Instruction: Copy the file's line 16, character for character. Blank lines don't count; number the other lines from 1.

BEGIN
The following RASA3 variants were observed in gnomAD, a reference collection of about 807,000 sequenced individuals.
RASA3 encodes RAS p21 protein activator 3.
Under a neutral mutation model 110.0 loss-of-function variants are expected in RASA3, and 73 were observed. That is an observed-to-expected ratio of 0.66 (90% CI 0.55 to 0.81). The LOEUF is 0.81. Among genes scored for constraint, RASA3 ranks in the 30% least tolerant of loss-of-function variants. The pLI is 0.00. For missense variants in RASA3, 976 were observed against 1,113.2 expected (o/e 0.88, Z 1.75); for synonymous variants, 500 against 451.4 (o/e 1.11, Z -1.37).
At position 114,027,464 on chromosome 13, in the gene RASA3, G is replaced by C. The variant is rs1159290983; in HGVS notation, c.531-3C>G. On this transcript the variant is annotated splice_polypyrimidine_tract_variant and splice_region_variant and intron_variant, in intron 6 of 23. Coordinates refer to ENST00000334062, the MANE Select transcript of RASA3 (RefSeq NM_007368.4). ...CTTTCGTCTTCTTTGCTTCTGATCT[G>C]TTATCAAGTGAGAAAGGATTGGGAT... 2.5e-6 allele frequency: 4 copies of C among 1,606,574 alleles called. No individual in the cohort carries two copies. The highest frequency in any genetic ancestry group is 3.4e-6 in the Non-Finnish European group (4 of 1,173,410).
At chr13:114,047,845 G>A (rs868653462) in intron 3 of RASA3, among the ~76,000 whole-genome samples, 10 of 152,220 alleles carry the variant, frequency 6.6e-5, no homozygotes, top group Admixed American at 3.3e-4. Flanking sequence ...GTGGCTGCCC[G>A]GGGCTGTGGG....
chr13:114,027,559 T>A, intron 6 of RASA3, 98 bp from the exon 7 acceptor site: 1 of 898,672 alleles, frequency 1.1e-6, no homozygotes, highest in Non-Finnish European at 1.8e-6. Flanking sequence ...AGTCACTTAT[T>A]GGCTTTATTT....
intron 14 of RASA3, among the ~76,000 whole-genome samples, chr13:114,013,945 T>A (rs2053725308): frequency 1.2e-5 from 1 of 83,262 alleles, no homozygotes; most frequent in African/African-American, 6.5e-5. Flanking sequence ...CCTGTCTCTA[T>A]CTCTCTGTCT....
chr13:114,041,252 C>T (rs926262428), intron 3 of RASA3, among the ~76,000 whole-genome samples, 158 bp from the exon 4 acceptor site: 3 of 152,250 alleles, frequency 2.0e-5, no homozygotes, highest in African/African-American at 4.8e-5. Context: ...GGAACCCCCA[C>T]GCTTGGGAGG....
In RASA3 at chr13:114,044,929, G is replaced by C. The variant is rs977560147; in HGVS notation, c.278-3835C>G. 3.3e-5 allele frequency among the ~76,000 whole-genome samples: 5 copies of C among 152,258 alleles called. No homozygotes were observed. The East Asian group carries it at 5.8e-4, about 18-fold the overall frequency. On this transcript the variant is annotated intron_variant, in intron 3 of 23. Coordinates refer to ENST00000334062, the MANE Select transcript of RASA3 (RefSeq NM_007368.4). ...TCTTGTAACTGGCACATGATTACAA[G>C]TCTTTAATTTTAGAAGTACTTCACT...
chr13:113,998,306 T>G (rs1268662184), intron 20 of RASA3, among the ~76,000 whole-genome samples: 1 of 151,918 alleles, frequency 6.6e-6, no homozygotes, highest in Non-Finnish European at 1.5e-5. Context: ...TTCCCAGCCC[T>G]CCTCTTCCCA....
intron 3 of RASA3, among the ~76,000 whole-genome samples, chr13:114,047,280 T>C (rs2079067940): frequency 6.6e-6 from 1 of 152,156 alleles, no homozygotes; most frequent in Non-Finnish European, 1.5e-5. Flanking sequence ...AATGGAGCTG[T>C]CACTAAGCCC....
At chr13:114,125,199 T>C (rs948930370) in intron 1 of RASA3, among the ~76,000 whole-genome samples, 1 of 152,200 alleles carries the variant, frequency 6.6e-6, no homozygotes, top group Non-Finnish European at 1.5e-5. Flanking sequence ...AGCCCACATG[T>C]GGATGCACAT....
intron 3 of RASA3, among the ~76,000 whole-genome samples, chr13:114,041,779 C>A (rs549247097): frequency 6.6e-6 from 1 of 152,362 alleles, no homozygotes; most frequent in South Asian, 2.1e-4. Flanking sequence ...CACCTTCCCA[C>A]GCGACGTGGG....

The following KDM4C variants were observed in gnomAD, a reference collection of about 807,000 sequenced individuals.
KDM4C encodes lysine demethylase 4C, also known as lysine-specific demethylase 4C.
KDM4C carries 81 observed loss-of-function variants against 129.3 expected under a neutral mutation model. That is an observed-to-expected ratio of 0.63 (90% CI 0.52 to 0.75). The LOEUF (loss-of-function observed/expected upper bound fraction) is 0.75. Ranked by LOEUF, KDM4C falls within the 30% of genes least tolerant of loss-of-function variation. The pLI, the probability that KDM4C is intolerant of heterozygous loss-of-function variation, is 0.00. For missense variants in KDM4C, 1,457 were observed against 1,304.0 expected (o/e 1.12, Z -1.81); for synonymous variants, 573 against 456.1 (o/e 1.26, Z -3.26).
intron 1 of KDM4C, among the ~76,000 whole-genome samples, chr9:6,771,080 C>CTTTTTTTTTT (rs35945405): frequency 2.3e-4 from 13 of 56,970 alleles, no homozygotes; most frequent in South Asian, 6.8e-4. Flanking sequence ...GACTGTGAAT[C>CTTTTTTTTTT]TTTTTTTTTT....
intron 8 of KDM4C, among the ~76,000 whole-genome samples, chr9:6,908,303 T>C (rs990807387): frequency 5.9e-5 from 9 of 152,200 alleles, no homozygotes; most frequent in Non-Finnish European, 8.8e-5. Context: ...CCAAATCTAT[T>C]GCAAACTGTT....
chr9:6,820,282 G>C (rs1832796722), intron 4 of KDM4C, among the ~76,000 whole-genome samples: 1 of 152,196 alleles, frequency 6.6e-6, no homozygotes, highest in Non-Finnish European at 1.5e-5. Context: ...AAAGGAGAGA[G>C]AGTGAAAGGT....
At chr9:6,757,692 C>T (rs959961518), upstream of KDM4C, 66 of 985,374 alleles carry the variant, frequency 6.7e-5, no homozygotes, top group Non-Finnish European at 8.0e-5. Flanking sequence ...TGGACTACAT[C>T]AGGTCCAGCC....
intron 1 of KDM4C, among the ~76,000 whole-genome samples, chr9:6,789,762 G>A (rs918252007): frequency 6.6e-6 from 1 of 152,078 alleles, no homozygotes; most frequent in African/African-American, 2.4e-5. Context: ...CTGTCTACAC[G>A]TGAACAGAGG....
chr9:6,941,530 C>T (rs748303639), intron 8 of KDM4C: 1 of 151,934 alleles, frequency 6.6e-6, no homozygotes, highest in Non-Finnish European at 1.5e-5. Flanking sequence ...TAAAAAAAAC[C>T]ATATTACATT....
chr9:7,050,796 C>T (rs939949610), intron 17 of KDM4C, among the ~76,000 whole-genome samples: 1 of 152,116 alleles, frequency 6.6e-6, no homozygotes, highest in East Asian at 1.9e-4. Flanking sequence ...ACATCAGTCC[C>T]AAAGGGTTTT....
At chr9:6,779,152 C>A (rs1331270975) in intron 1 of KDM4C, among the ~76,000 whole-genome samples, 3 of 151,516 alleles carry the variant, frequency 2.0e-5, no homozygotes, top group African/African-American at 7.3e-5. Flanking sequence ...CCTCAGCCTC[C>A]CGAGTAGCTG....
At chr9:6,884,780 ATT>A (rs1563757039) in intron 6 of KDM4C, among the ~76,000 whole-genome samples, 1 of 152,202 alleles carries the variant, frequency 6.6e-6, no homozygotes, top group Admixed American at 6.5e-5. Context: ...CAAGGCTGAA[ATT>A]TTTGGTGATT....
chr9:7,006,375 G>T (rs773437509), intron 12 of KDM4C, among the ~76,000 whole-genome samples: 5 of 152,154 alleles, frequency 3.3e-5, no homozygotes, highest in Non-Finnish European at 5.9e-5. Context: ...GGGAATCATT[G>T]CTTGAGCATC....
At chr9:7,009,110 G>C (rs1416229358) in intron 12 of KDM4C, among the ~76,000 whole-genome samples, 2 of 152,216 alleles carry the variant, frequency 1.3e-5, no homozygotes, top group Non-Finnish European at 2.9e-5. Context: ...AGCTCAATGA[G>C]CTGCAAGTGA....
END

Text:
KDM4C carries 81 observed loss-of-function variants against 129.3 expected under a neutral mutation model. That is an observed-to-expected ratio of 0.63 (90% CI 0.52 to 0.75). The LOEUF (loss-of-function observed/expected upper bound fraction) is 0.75. Ranked by LOEUF, KDM4C falls within the 30% of genes least tolerant of loss-of-function variation. The pLI, the probability that KDM4C is intolerant of heterozygous loss-of-function variation, is 0.00. For missense variants in KDM4C, 1,457 were observed against 1,304.0 expected (o/e 1.12, Z -1.81); for synonymous variants, 573 against 456.1 (o/e 1.26, Z -3.26).